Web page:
There’s one effect you really notice after using a tablet for your entertainment use: the way that grids and lists scroll. They scroll smoothly, pixel-by-pixel, yet on your desktop they scroll in jerks, row by row. Never fear, we’ve solved that problem too: welcome to flawless pixel scrolling in the grid in Table and Banded Table Views. It really is an enhancement that your users will appreciate.

    And we haven’t forgotten the developers who have to deal with lots of data. Two things of note here: we’ve improved Server Mode (our super-fast data binding mode) by adding MS Access and SQLite database support, as well as adding support for Embarcadero FireDAC (yes, we’ve sped up FireDAC, ’nuff said); and we’ve made some serious changes to our data controllers that exploit multithreading to speed up sorting and grouping in “classic” data loading scenarios. What can you expect? Well, it depends on the CPU on the client, but we’ve seen some remarkable results (*cough* four times faster *cough*, though your mileage may vary).


    Coupled with these and other changes, there have been many smaller enhancements and fixes, making DevExpress VCL 13.1 well worth your time to investigate. And this release of the components maintains its pole position in the VCL control suite market.

  • DevExpress Universal 13.1: Binding tomorrow to today

    There are some major releases which accrue a certain amount of importance, and, in looking through the What’s New for this first major release of 2013, I can’t help but feel that sense of significance. The reason? There’s so much good stuff here that, if I were to do it complete justice, I’d just be repeating the selfsame What’s New.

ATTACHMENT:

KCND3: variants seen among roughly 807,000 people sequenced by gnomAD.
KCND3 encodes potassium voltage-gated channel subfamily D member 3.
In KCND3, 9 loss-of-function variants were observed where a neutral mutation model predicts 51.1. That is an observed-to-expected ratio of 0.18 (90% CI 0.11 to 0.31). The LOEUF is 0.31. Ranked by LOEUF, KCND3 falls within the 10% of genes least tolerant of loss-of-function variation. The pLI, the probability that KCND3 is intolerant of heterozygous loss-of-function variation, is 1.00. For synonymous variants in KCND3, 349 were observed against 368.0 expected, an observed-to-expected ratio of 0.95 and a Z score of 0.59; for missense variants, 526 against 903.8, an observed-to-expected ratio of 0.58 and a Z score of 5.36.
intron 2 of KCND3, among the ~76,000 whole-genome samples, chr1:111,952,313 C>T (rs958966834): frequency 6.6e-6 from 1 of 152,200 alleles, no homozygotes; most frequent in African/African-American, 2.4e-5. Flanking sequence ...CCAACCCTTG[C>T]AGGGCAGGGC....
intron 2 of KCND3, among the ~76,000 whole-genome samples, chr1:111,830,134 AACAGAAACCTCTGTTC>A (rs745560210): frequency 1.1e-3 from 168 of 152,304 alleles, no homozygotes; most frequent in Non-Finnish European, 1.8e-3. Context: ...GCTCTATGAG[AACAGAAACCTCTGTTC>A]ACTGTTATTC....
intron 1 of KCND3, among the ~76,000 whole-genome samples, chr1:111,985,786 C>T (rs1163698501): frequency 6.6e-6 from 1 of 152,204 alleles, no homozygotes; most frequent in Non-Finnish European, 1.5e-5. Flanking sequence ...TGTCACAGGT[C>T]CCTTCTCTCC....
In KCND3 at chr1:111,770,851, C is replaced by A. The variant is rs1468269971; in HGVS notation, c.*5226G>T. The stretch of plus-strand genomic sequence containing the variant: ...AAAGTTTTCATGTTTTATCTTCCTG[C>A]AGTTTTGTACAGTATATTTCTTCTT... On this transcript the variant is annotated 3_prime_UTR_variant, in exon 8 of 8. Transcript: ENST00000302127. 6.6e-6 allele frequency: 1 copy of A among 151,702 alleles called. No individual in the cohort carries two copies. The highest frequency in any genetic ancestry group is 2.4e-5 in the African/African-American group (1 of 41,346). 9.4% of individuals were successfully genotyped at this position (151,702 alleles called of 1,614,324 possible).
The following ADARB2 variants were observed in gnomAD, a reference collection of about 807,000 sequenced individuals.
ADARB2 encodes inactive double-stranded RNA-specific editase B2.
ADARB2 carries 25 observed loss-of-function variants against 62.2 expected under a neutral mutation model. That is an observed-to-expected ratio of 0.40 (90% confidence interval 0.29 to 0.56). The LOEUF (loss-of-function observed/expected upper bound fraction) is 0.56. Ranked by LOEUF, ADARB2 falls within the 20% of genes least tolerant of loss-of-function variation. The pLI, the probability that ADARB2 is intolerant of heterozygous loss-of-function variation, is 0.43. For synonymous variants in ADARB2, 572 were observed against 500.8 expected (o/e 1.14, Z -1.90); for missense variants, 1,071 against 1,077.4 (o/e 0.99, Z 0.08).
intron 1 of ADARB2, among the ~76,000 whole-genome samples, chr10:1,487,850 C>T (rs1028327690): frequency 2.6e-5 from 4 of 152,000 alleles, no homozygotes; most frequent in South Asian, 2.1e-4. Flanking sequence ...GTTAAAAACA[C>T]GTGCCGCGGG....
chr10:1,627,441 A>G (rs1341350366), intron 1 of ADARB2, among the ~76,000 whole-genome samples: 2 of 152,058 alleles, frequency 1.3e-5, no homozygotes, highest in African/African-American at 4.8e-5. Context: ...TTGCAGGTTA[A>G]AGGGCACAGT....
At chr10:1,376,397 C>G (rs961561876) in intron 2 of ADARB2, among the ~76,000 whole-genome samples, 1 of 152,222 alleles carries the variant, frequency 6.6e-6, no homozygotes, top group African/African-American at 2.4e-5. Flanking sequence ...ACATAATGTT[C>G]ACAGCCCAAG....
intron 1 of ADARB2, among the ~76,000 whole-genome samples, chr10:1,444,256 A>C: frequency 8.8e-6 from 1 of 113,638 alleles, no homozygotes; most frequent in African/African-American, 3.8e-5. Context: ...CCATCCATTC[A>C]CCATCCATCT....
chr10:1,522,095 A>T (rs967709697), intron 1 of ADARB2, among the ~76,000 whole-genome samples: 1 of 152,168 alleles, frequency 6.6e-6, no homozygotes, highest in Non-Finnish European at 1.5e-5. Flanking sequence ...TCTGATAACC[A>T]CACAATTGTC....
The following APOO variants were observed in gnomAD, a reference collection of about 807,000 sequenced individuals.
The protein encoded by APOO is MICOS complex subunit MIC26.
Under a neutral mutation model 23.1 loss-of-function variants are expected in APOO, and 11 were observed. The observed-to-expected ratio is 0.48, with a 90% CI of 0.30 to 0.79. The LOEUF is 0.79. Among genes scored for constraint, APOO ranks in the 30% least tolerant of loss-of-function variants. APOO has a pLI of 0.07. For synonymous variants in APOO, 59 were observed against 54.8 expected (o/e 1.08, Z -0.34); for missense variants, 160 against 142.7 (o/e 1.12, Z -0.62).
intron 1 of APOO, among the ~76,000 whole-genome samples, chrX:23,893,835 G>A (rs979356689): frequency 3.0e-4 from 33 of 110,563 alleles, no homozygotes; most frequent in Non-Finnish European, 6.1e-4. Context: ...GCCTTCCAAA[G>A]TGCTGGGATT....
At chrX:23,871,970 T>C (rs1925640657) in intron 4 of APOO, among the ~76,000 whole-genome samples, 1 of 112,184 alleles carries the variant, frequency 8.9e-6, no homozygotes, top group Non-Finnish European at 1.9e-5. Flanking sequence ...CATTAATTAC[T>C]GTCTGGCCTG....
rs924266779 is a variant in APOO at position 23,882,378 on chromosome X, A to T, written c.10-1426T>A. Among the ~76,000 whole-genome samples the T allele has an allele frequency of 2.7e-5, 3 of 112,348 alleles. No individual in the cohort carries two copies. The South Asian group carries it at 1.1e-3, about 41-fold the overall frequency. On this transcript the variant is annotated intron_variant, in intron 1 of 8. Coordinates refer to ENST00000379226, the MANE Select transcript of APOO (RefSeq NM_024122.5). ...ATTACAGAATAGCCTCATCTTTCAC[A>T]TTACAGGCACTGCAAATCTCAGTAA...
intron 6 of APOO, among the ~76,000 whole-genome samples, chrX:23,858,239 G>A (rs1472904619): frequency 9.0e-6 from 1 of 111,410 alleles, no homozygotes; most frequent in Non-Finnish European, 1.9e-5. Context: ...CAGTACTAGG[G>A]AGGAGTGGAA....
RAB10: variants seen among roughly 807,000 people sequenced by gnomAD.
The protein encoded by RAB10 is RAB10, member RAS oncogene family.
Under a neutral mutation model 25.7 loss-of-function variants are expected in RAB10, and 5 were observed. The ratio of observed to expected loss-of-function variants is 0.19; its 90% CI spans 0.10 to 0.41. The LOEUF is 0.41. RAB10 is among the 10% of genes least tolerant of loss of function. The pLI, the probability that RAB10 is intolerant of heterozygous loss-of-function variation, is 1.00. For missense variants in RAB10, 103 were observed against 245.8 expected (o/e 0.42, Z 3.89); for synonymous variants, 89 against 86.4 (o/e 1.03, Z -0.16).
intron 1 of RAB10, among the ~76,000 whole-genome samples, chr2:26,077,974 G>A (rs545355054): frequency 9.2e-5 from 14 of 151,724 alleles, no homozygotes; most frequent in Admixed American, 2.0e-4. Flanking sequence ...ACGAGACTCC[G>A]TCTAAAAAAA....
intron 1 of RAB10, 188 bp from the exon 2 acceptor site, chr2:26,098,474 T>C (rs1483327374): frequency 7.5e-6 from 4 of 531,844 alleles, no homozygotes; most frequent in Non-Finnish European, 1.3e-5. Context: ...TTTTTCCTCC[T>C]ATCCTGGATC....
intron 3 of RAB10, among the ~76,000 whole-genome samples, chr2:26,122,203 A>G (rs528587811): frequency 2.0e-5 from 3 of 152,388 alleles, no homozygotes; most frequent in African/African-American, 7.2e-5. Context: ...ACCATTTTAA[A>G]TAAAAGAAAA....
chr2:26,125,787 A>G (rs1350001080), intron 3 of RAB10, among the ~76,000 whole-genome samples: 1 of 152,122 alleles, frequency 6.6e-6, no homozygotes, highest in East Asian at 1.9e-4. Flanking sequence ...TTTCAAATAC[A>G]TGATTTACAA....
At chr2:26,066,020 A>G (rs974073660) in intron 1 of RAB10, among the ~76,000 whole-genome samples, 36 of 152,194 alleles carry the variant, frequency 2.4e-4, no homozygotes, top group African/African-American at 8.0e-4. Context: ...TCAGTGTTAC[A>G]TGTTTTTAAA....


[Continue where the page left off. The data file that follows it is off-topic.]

So, let me approach things from a thematic angle, if I may.

    One of the things we’ve noticed over the past year, despite all the news from Microsoft during that time, is that around half of our customers are still writing thick-client apps on Windows, be it with WinForms or WPF. Yes, all the buzz might be about Windows AppStore apps, yet the bread and butter is being earned on desktop Windows. It seems that taking care of these desktop developers, helping them to slowly get their users accustomed to the Modern UI design esthetic and the new data visualizations and navigation metaphors, without abandoning their codebase or experience, might be a good idea.

    We’ve already done some work, certainly, with our 12.x series of releases. Things like the Metropolis themes, the tiles, the concessions to touch, all these have helped. With 13.1 though, we decided to go much further to aid the desktop app developer with the addition of some major new controls.